New Zealand's efforts to eliminate the coronavirus from the country have shaken up the immigration scene enormously in the last few months. The usual flood of visitors and long-term migrants has been cut to a trickle by the border closure and the limited capacity of managed isolation facilities. Processing of temporary visas for offshore people was halted.
However, many small steps are being taken to fix - or at least to manage - the many complications that come out of the squeeze on travel either into or out of New Zealand.
In the meantime, we continue to solve the problems which people bring to us. This is our specialty, and now, more than ever before, we resolve the situations that confuse and frustrate so many people right now.
Yours sincerely Simon Laurent LaurentLaw Barristers & Solicitors
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Slowly Opening the Door
In the last couple of weeks the clampdown on migration has been eased slightly. The number of policy changes and the tweaking of exemption rules is too great to go through them all here. About the best general resource is Immigration's COVID-19 web pages That where we often go to find things out, because announcements about the changes appear there before the underlying policy has even been written.
What we can say generally is that the Government is selectively expanding the classes of people who can apply to come in, both to address the need for certain skills and in response to public concern about the social dislocation of workers and families caused by the travel ban.
It has also taken steps to manage the large numbers of people in the country whose visa status is in limbo. So, for instance, most Visitor Visas which were due to expire by the end of October 2020 have been extended automatically by 5 months. And at the time of writing, people who held Visitor Visas on 11 September can now study for up to 6 months without needing to apply for a Student Visa - including children who are domestic students. No doubt this has been done in order to help NZ's struggling education market which has been starved for international students.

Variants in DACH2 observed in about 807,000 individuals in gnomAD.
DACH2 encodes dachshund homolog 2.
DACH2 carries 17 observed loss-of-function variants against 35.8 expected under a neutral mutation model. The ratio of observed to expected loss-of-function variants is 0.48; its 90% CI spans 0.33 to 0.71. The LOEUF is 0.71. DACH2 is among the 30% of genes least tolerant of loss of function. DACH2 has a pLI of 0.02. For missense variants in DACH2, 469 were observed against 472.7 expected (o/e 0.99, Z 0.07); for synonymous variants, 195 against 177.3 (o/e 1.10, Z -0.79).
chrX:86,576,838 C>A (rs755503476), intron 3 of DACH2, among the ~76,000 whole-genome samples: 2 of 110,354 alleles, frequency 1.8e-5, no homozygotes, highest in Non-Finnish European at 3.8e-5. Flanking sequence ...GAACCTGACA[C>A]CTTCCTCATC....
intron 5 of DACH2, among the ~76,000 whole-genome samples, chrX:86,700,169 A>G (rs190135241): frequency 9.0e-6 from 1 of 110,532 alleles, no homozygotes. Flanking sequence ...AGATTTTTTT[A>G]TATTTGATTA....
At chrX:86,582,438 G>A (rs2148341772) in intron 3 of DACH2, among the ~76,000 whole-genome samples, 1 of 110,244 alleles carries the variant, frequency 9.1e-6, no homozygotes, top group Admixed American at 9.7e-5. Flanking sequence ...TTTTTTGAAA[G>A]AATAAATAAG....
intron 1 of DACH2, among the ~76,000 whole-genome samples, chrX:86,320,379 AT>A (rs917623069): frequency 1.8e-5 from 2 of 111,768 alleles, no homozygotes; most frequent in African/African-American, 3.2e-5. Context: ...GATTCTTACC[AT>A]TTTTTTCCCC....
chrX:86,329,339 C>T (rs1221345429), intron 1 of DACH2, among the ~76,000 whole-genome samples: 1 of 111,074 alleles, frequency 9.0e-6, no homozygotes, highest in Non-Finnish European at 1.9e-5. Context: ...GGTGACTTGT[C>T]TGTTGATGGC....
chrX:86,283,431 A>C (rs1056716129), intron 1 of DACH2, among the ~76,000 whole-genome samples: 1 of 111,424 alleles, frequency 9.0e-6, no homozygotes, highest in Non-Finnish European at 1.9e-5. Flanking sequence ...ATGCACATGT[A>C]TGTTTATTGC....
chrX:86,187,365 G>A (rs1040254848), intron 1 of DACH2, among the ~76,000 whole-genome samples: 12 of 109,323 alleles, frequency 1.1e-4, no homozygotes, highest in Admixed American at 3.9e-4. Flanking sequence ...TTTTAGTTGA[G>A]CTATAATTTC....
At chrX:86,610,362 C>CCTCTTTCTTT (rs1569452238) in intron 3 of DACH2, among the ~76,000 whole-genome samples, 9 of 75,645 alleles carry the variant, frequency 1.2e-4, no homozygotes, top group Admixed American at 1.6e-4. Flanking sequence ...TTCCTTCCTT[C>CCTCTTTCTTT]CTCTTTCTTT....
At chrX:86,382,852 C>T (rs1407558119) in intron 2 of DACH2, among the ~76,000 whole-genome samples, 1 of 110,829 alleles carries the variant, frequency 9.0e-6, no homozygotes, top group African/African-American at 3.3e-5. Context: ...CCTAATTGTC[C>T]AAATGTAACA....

These and other visa adjustments are announced suddenly and in rapid-fire order. They affect tens of thousands of individuals. People are meant to be notified by email if their visa has changed, but it is taking weeks for their visa conditions to be updated. They understandably don't know where they stand - "Does this really apply to me or not?"
One way to check if your visa conditions have been changed is to use VisaView. You need a Governmental RealMe login to do this. That system really only reflects a change that has already been made, so that it may be of help only if the email notification doesn't get to you.
Residence Appeals - the Movie
In my latest vlog I sketch out what to do if your Residence application is declined. You can appeal in 2 ways:
Immigration misapplied its own rules or processes; or
You have special circumstances which may justify getting Residence from the Minister of Immigration as an exception.
Sahar Shamia recently posted a blog explaining how partners of New Zealanders can apply to come in if they don't already have a relationship-based visa. There are 3 main paths:
The NZ partner travels with you to NZ
You can prove that your normal place of residence is NZ
You put in a request for humanitarian exemption, although the success rate on such requests is low.
Another avenue has just been opened for partners who are Australians, or from visa waiver countries, who can get an exemption without first holding a Partner visa. As with the other types of border exemption requests, it is a 2-stage process:
Complete the online Request for Travel to New Zealand form. The rules require people to provide evidence that they are in the relationship, which is difficult because you cannot upload documents, and there is a 3000 letter limit to write down your explanation;
If the Request is successful:
Australians get a visa to travel to NZ, and a Resident Visa on arrival as they did under normal times; OR
Those from visa waiver countries get an Invitation to Apply for a Critical Purpose visa.
As with many of the new post-COVID processes that have come in since March 2020, we will need to see how such visa requests are actually handled.
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